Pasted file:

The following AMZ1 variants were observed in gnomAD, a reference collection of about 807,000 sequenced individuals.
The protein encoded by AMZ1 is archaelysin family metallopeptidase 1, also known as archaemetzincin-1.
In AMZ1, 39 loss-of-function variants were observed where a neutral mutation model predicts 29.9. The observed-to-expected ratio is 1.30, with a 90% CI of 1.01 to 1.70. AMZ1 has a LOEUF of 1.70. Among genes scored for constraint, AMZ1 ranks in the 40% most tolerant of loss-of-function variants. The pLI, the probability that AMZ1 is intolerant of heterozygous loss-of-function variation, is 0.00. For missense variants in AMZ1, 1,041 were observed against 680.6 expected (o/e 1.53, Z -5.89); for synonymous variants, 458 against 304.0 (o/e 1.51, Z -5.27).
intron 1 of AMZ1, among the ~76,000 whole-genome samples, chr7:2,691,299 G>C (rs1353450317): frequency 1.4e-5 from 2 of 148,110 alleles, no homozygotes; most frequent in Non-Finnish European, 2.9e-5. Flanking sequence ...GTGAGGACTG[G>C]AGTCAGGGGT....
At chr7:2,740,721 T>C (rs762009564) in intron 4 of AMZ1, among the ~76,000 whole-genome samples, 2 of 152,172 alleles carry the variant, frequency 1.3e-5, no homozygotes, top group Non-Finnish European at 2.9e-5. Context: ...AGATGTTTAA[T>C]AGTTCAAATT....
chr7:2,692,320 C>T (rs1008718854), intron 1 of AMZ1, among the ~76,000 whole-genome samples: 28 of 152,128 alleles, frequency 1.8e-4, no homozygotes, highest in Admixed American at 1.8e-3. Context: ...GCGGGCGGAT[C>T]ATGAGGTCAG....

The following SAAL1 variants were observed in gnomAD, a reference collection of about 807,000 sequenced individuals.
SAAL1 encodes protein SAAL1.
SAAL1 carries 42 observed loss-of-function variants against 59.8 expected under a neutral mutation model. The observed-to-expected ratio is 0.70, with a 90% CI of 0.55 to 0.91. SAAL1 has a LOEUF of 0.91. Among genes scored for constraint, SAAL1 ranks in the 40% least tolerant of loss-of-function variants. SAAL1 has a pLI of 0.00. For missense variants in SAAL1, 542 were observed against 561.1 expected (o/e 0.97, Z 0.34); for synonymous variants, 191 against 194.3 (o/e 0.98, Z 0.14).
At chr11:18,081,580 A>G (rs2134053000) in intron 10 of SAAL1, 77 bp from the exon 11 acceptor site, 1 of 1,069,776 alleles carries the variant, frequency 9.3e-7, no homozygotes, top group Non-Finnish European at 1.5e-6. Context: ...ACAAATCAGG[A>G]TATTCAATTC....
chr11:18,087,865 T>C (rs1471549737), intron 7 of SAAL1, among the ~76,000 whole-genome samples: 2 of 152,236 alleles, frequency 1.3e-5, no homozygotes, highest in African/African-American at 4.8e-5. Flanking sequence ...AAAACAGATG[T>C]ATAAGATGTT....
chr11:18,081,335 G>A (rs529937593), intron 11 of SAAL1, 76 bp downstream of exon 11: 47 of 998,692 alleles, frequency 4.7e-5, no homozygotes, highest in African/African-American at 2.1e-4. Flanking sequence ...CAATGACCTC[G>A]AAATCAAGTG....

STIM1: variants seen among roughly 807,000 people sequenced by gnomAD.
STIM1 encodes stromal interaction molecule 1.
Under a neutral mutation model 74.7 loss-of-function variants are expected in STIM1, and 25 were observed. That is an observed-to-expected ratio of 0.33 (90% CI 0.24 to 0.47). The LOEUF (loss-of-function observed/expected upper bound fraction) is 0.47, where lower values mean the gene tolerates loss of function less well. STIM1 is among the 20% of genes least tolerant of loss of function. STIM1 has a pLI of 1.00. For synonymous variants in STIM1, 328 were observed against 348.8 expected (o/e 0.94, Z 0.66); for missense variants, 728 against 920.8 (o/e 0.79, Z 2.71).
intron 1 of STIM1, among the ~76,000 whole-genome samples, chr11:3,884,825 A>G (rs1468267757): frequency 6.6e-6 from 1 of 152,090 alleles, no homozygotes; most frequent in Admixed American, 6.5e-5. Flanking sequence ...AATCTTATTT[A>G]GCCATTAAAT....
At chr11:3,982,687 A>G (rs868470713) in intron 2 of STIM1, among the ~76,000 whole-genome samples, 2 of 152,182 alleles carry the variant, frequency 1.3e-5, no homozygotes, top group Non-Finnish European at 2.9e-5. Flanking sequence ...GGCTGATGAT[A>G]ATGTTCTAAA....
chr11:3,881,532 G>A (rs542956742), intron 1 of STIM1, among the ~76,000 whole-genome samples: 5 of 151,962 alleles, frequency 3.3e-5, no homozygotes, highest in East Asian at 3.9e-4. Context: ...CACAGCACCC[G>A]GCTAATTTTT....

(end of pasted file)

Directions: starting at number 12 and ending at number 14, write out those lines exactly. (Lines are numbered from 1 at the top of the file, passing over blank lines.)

chr11:18,081,335 G>A (rs529937593), intron 11 of SAAL1, 76 bp downstream of exon 11: 47 of 998,692 alleles, frequency 4.7e-5, no homozygotes, highest in African/African-American at 2.1e-4. Flanking sequence ...CAATGACCTC[G>A]AAATCAAGTG....

STIM1: variants seen among roughly 807,000 people sequenced by gnomAD.
STIM1 encodes stromal interaction molecule 1.